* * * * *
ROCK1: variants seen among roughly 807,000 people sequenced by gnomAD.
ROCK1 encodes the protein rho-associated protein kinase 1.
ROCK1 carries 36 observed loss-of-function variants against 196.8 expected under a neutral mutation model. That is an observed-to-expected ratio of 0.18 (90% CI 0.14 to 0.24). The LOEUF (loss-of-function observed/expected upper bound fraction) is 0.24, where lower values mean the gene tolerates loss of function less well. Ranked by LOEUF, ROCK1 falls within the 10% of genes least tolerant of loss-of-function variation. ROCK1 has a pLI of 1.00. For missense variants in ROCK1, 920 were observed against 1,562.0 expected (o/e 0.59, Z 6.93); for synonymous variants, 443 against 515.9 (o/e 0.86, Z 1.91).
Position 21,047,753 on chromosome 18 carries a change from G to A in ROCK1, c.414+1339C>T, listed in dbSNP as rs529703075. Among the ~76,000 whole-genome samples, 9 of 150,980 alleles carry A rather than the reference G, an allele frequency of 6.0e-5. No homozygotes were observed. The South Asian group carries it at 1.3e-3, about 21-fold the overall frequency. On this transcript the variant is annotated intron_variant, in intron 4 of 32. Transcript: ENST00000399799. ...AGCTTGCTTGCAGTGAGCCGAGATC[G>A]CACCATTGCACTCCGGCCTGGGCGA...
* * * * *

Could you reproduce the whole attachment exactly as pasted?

ROCK1: variants seen among roughly 807,000 people sequenced by gnomAD.
ROCK1 encodes the protein rho-associated protein kinase 1.
ROCK1 carries 36 observed loss-of-function variants against 196.8 expected under a neutral mutation model. That is an observed-to-expected ratio of 0.18 (90% CI 0.14 to 0.24). The LOEUF (loss-of-function observed/expected upper bound fraction) is 0.24, where lower values mean the gene tolerates loss of function less well. Ranked by LOEUF, ROCK1 falls within the 10% of genes least tolerant of loss-of-function variation. ROCK1 has a pLI of 1.00. For missense variants in ROCK1, 920 were observed against 1,562.0 expected (o/e 0.59, Z 6.93); for synonymous variants, 443 against 515.9 (o/e 0.86, Z 1.91).
Position 21,047,753 on chromosome 18 carries a change from G to A in ROCK1, c.414+1339C>T, listed in dbSNP as rs529703075. Among the ~76,000 whole-genome samples, 9 of 150,980 alleles carry A rather than the reference G, an allele frequency of 6.0e-5. No homozygotes were observed. The South Asian group carries it at 1.3e-3, about 21-fold the overall frequency. On this transcript the variant is annotated intron_variant, in intron 4 of 32. Transcript: ENST00000399799. ...AGCTTGCTTGCAGTGAGCCGAGATC[G>A]CACCATTGCACTCCGGCCTGGGCGA...